Citigroup Inc., in the midst of a plan to shed $400 billion of assets before 2012, completed the sale of its German retail banking business Friday.

The $2.1 trillion-asset Citi sold the operation to Credit Mutuel-CIC, a French banking company based in Paris, for $6.7 billion.

The New York-based Citi, which secured a $20 billion federal bailout last month to help it absorb mortgage-related losses after a year of operating in the red, is aggressively moving to shore up capital. Citi said in a press release announcing the sale's closing that it would realize an after-tax gain of about $4 billion. The proceeds also will add about 60 basis points to Citi's Tier 1 capital ratio, which was 8.2% at the end of the third quarter.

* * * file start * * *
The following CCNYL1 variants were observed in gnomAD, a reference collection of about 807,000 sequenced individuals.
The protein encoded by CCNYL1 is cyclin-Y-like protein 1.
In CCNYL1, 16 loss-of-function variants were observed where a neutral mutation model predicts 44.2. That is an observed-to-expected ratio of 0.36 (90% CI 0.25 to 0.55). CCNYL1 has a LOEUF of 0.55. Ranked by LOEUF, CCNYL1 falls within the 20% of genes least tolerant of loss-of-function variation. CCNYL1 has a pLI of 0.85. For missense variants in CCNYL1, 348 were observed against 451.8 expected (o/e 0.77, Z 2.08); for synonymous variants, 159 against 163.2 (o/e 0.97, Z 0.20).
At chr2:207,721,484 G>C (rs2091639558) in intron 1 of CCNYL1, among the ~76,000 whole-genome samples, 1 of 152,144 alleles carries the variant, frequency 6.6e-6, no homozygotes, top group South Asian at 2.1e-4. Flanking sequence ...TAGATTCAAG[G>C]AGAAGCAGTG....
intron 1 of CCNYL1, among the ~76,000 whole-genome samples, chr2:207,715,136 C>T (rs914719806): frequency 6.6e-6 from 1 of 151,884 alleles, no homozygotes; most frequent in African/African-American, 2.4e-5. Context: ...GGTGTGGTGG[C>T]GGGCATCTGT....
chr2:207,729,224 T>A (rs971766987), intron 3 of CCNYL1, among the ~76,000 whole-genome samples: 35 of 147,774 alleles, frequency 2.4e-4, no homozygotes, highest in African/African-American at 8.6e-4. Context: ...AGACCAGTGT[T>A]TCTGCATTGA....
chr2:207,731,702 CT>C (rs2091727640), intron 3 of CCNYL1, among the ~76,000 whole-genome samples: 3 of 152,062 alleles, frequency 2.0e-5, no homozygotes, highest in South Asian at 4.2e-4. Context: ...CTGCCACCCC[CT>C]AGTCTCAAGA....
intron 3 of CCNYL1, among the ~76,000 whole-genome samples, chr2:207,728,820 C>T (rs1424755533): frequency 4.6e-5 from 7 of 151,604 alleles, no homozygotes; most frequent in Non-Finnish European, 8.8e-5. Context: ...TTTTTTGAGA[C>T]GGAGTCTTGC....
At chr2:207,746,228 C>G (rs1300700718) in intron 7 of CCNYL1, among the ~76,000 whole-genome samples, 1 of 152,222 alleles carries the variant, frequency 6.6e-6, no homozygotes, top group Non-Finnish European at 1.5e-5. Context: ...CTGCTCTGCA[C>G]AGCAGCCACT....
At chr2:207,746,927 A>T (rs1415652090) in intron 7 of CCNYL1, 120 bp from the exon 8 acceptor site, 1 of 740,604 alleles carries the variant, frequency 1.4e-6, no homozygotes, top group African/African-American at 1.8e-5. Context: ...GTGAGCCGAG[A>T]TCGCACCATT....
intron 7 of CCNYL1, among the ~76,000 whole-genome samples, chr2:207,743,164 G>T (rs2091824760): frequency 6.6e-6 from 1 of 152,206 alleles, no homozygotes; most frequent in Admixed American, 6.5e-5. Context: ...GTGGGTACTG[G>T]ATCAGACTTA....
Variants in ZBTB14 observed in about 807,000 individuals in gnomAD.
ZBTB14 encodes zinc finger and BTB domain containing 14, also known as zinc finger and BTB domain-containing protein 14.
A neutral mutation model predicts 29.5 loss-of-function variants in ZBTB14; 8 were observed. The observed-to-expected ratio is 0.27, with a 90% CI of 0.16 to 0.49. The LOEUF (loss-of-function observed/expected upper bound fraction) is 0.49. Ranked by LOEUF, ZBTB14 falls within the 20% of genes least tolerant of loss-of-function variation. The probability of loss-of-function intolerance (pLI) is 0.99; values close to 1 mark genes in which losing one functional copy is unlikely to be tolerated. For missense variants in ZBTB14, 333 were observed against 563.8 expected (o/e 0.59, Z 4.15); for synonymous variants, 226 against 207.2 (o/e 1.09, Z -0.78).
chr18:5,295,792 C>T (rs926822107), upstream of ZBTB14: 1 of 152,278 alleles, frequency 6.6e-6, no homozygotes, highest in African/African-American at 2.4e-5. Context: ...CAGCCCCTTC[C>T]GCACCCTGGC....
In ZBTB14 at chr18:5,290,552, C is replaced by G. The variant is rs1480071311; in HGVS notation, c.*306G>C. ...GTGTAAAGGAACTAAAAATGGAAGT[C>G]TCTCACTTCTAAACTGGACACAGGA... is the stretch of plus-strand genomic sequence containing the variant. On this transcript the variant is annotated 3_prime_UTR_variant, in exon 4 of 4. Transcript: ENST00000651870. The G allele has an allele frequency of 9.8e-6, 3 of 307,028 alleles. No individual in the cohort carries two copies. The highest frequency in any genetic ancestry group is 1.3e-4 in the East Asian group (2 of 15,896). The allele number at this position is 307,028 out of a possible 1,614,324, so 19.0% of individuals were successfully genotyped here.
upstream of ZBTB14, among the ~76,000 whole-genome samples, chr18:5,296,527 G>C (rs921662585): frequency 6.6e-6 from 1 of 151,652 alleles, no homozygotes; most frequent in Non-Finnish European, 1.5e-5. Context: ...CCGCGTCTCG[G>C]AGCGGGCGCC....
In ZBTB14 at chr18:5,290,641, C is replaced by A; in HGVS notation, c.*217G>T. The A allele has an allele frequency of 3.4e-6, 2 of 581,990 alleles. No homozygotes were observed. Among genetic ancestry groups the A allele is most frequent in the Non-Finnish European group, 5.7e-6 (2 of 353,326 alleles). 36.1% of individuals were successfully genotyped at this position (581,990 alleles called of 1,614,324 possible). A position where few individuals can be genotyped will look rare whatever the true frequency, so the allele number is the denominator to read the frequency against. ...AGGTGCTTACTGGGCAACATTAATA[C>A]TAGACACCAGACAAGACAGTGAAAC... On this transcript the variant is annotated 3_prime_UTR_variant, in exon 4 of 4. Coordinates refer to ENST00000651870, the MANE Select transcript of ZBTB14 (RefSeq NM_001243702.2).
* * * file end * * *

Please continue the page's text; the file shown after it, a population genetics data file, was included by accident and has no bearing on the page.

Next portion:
The operation sold to Credit Mutuel-CIC has assets of $15.6 billion and deposits of $11.8 billion at current foreign exchange rates. It has 3.25 million customers, 6,800 employees, and 340 sites, including branches and advisory centers, throughout Germany. The two companies agreed that Credit Mutuel-CIC will operate the acquired business under the Citibank brand until a rebranding scheduled for 2010.

"The transaction is another strategic step that significantly strengthens Citi's key capital ratios and allows us to reallocate capital to the best growth opportunities for the overall franchise," Citi chief executive Vikram Pandit said in a press release.

"We are especially pleased the franchise and employees remain in good hands to serve our retail banking customers in the future."

The deal was initially announced in July.

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